Council Leader maintains pressure on Government over ETVs
The Highland Council Leader, Margaret Davidson, gave a cautious welcome to the engagement of key stakeholders in talks with the MCA over the future protection of Highland’s coastal waters. Only weeks away from the threatened withdrawal of the last remaining Emergency Towing Vessel (ETV) in the UK, she was joined by a wide range of interested parties all equally determined to make the case for the Highlands and Islands to be properly protected. The full day’s session was chaired by the Chief Executive of the Marine and Coastguard Agency (MCA) Sir Alan Massey KCB.
The MCA shared a risk assessment that had been undertaken by the Counter Pollution & Salvage Unit of the MCA which showed that the withdrawal of the ETV would result in an increase in risk to unacceptable levels. Participants were given the opportunity to review and revise the register in the light of their own knowledge of the marine and coastal and shipping environment and it was agreed to include a new risk related to the transportation of exotic nuclear materials by sea, through the narrow Minches, to Sellafield. The conclusions of the risk assessment received unanimous support from the assembled parties and provided a context for two afternoon workshops looking at what could be done to mitigate the risk sufficiently to bring it down to acceptable levels.
The strong messages that came out of these sessions were that:
- the UK Government had to accept that it had legal responsibility for coastal protection - however remote the location.
- Stakeholders were committed to working collaboratively with the UK Government and welcomed the level of engagement being offered.
- Time was too short to make sufficient progress and so the UK Government needed to agree an extension to the lease on the tug to give time to agree a satisfactory medium to long term solution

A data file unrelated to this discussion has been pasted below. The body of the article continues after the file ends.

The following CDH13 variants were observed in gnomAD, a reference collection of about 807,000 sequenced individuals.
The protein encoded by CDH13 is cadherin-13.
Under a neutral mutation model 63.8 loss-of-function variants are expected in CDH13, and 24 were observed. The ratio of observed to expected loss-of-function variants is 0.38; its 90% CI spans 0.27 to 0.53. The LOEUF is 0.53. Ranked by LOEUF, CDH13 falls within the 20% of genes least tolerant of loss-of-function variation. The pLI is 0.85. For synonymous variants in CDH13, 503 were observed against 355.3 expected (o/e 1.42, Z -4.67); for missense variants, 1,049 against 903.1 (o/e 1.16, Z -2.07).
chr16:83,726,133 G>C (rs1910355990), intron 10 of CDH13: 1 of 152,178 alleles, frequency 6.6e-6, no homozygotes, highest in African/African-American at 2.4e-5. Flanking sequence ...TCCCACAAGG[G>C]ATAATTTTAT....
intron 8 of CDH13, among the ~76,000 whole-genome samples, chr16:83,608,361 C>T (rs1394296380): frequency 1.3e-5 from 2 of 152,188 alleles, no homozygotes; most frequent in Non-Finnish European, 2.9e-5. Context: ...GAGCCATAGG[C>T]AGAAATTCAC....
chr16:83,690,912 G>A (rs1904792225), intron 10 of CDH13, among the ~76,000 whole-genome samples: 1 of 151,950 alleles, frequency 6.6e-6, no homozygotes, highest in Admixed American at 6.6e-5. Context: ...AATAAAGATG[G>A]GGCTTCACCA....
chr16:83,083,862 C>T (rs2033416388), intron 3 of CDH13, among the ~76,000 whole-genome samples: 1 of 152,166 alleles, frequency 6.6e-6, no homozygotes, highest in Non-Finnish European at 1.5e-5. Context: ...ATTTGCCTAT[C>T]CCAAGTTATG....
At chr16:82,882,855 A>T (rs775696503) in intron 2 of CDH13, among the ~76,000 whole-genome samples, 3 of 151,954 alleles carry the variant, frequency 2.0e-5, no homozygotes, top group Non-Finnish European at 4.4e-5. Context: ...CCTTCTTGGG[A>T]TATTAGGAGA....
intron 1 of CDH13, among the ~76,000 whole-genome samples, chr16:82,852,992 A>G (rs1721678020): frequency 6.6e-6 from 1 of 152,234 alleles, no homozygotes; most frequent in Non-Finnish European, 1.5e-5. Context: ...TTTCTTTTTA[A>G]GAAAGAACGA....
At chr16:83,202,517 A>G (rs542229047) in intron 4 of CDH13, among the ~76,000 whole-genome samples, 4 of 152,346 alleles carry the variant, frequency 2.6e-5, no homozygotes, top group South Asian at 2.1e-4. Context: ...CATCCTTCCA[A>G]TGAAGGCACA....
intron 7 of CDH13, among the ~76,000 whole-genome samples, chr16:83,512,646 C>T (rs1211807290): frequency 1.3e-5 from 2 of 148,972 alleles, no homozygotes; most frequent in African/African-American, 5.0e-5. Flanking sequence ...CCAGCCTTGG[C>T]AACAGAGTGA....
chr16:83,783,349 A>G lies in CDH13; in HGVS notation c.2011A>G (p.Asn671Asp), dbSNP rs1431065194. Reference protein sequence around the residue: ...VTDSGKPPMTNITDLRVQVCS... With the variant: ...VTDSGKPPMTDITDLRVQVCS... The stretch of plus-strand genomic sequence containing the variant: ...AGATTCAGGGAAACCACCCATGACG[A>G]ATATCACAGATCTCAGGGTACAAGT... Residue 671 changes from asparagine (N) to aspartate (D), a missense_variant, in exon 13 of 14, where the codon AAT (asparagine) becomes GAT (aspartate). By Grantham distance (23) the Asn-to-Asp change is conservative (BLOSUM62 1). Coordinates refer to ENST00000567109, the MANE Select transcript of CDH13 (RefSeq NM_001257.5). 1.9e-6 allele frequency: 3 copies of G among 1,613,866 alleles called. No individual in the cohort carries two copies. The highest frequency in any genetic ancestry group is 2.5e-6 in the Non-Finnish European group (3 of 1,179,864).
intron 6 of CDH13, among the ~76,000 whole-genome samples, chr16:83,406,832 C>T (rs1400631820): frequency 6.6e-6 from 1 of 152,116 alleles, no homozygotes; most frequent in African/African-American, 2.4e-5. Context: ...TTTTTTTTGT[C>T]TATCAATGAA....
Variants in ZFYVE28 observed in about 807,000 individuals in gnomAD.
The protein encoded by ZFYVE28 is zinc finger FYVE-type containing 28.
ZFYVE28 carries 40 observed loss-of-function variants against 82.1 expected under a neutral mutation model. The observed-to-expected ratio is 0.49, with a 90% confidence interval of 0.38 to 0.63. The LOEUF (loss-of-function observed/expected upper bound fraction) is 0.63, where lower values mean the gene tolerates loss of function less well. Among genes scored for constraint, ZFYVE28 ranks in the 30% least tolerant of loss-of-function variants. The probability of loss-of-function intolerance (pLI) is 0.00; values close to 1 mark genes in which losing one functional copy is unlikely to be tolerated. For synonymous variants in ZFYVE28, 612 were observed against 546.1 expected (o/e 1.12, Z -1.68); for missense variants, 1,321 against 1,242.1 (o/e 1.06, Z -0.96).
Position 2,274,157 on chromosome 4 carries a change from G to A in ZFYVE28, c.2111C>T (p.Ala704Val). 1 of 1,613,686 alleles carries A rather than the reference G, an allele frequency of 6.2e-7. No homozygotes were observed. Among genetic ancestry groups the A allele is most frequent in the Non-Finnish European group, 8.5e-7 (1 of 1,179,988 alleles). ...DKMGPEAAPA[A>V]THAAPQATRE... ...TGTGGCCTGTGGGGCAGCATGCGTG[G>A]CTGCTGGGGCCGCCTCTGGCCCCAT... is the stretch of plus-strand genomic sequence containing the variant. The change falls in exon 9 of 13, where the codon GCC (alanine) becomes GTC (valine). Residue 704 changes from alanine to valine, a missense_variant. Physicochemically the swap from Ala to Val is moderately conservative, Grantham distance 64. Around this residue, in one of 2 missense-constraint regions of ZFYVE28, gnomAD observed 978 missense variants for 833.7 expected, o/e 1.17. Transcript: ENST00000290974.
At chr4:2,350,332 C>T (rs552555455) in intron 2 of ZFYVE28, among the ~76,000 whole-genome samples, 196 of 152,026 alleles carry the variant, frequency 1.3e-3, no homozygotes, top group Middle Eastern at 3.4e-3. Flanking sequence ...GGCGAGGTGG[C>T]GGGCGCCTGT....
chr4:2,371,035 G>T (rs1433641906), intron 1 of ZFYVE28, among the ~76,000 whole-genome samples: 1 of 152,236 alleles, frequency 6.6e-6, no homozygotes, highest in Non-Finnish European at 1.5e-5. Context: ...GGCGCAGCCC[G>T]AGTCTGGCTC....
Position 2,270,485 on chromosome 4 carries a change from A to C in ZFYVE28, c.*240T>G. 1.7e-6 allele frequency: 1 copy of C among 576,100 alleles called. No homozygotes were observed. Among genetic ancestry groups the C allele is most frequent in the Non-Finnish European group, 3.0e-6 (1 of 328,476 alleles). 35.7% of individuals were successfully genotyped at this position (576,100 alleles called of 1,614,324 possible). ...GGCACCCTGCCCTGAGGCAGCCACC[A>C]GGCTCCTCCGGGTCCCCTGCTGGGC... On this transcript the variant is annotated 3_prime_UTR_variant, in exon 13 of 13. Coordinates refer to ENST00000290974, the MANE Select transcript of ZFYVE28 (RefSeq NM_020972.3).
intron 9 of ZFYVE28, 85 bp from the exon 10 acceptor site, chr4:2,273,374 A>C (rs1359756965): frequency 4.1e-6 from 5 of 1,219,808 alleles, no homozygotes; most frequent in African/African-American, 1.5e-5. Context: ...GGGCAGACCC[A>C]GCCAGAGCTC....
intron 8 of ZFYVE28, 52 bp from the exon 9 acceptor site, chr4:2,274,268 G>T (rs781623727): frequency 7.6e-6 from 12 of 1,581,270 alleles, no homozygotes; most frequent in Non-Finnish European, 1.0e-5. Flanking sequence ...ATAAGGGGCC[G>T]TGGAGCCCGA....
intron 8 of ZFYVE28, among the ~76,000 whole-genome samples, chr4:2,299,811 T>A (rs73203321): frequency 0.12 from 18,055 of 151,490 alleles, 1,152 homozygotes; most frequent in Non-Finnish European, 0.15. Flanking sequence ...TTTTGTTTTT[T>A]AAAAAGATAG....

- The changing arena of the huge drop in production of oil and gas , increased transport of nuclear material from Dounreay and the increasing commercial traffic and renewable energy in the Pentland Firth and the Minch meant that risks were increasing, not diminishing. The case for at least one dedicated ETV if not two, was even greater than when the current contract was agreed in 2011.
The Leader of the Highland Council said:
“I have been impressed by the level of engagement from the MCA. I believe Sir Allan Massey is genuine in his desire to ensure the protection of our unique and precious coastal environment. However, he is constrained by the UK Government’s spending priorities and we need to help him to make the case for the retention of the current ETV and the reinstatement of a second vessel in the Minches. We face risks on an almost daily basis from extreme weather, treacherous coastlines, hazardous tides, the transportation of fuel and nuclear material and pilot error and to name but a few. I am happy to explore a wide range of measures to help mitigate against these but, so far, I remain unconvinced that these will offset the danger posed by removing ETV capability altogether. I would call on everyone who has a connection to the Highlands and Islands - whether environmental, economic or personal - to put pressure on the UK Government’s Department of Transport to make this the priority that we know it to be.”
The Stakeholder meeting was held at the Scotland Office, Melville Crescent, Edinburgh. It was attended by representatives from:
The Highland Council, Comhairle nan Eilean Siar (Western Isles Council); Orkney Islands Council, Shetland Islands Council, Argyll and Bute Council, The MCA, UK Dept for Transport, Scotland Office, Transport Scotland, Marine Scotland, SEPA, SNH, The Crown Estate, The Northern Lighthouse Board, The UK Chamber of Shipping, KIMO, Briggs Marine, Ardent Salvage, UKHMA, Caledonian Maritime Assets, the Dutch Government, GLA/Trinity House, The office of Drew Hendry MP.